Set of choices from which the user must choose only one

Courier font

Code or program output


httpcfg.exe: The HTTP Configuration Utility is used to control configuration information for the HTTP driver.

The HTTP Configuration Utility was originally part of the Windows Server 2003 set of support tools, but it has been brought over to XP with the release of SP2. Here is the basic syntax for this tool:

  • httpcfg {set | query | delete} {ssl | query | iplisten} [/i Ip:Port] [/h SSL Hash] [/g "{GUID}"] [/c StoreName] [/m CheckMode] [/r RevocationFreshness] [/x UrlRetrievalTimeout] [/t SslCtlIdentifier] [/n SslCtlStoreName] [/f Flags] [/u {http://URL:Port/ | https://URL:Port/}] [/a ACL]

This utility allows the user to communicate over HTTP without using Microsoft Internet Information Services (IIS).

replmon.exe: The Active Directory Replication Monitor tool is used to view Active Directory configurations.

SP2 updates this tool to resolve an inability to display more than 200 replication partners. The Active Directory Replication Monitor has a graphical user interface with context-sensitive menus and can be used to generate general status reports, display topology, etc.

Iadstools.dll: This is a support DLL for Active Directory Service Interfaces.

SP2 updated this tool to resolve a problem in which the GetDirectPartnersEx function did not support more than 200 ConnectionObjects. You can use the ladstools.dll in combination with Visual Basic Scripts to extract Active Directory information and to access the associated APIs.

extract.exe: This is the utility for extracting individual files from CAB files.

The extract.exe tool is basically the same after SP2, except that additional parameters for bounds-checking have been added to the available options.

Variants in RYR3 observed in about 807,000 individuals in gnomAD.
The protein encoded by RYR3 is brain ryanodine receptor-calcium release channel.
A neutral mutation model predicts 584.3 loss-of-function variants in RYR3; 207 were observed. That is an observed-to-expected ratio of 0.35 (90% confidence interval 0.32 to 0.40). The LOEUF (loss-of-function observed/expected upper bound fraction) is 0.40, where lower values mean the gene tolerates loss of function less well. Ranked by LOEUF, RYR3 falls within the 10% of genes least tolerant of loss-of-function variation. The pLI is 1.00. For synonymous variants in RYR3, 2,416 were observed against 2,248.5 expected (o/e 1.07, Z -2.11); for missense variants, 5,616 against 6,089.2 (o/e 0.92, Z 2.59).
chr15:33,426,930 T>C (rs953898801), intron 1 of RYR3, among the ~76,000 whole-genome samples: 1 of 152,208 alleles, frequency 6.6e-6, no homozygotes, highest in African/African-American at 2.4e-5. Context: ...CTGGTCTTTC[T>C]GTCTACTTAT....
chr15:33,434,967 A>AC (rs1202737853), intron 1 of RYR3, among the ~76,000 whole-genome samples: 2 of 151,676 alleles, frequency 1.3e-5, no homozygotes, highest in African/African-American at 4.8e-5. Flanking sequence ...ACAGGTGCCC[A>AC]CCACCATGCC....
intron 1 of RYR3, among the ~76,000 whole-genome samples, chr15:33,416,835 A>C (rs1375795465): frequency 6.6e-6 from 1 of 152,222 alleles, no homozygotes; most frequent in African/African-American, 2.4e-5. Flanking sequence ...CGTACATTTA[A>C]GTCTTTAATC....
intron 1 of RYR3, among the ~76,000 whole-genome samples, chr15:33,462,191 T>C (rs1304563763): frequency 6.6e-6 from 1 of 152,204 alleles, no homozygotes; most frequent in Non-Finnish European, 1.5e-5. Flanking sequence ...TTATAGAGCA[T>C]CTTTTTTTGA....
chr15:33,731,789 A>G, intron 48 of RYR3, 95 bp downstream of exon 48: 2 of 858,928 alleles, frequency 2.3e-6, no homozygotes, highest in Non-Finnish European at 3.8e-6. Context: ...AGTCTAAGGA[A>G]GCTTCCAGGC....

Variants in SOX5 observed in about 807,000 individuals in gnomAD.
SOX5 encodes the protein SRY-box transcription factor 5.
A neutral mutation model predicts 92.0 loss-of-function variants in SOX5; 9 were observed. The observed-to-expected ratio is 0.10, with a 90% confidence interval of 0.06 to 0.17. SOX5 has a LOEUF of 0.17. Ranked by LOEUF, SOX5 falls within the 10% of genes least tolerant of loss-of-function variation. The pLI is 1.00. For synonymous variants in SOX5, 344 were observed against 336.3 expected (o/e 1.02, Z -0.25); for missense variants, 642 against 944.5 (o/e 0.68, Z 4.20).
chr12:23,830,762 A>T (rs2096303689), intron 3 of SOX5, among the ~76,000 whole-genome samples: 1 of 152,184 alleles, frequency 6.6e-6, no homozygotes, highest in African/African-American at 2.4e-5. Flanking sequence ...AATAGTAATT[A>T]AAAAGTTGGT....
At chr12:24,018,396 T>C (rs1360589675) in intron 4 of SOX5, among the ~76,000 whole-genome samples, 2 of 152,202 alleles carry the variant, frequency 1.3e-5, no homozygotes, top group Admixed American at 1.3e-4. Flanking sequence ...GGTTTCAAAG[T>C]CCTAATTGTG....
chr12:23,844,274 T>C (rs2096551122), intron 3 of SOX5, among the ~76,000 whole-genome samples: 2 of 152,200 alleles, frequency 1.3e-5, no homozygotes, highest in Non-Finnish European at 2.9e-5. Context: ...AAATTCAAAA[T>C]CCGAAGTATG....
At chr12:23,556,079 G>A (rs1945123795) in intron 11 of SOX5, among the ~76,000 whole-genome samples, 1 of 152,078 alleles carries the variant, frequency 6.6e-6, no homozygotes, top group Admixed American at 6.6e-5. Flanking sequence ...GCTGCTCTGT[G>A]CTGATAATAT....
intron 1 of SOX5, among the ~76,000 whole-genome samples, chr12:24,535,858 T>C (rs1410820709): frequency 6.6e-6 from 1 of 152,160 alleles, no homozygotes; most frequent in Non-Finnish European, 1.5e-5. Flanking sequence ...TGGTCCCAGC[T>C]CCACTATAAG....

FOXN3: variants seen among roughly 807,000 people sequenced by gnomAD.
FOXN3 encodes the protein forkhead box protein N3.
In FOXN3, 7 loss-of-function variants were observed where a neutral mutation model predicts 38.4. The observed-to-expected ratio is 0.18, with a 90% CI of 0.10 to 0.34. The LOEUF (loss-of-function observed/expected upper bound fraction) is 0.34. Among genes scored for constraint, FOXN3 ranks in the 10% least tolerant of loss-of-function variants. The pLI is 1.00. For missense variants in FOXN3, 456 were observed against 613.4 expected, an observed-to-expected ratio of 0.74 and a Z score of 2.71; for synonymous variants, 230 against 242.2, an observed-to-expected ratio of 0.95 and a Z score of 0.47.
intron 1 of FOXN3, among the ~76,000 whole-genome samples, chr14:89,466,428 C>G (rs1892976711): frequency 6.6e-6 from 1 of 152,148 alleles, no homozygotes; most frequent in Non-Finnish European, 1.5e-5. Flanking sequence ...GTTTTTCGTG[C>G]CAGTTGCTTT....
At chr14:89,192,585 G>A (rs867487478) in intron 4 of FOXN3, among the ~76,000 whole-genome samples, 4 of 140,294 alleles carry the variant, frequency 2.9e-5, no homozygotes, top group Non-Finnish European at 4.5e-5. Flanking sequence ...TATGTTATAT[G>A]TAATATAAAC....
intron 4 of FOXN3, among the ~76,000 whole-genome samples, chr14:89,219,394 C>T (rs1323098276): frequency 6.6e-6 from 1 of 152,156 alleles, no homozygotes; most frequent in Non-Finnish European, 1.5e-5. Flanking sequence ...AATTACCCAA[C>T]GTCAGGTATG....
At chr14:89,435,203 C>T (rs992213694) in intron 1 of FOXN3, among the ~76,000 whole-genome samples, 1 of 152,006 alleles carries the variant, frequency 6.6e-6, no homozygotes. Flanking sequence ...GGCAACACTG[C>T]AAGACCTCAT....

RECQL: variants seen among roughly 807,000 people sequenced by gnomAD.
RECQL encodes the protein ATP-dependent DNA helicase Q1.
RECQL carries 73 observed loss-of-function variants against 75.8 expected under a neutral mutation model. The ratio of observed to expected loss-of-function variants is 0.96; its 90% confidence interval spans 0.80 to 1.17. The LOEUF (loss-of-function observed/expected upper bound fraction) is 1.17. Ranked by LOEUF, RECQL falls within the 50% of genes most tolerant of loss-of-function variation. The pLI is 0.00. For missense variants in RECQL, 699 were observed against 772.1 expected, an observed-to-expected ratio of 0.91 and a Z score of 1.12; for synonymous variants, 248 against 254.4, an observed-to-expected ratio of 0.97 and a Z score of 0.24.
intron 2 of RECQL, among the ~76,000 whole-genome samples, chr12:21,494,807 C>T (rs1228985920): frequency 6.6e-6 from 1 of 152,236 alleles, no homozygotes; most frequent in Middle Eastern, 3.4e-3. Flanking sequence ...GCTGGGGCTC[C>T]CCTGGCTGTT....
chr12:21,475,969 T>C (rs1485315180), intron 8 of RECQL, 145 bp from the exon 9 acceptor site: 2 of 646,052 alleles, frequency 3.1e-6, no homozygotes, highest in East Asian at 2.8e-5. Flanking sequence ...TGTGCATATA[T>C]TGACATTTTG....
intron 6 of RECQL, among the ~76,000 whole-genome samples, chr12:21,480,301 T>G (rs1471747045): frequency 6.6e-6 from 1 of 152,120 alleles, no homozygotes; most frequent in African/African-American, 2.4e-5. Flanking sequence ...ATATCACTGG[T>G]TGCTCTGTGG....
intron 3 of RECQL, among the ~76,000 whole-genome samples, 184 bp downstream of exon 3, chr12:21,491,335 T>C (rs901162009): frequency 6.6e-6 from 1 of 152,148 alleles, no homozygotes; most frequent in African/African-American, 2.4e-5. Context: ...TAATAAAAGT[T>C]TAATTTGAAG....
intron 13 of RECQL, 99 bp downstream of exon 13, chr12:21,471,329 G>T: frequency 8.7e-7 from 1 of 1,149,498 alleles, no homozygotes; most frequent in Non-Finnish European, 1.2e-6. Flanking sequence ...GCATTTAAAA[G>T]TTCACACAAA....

bitsadmin.exe: This utility controls the Background Intelligent Transfer Service (BITS).

Originally part of Windows Server 2003, the command-line utility BITS is used to transfer files asynchronously between a client and a server. SP2 added several new command-line options to the utility, including an option that transfers a single file by using a single command, and another option that repairs a corrupted BITS installation.

netdom.exe: This utility is used to manage domain configurations.

The netdom.exe tool has been updated by SP2 to include options for adding a computer to a domain or workgroup and for renaming computers already in the domain. The general syntax for this command-line utility follows this pattern:

  • netdom Operation [Computer] [{/d: | /domain:}Domain] [Options]

Installation

Microsoft recommends that you uninstall any previous versions of the Support Tools before you run the SP2 Tools installation program. You should also keep in mind that the XP Support Tools will install only on a system with the XP operating system.

About Mark Kaelin

Mark W. Kaelin has been writing and editing stories about the IT industry, gadgets, finance, accounting, and tech-life for more than 25 years. Most recently, he has been a regular contributor to BreakingModern.com, aNewDomain.net, and TechRepublic.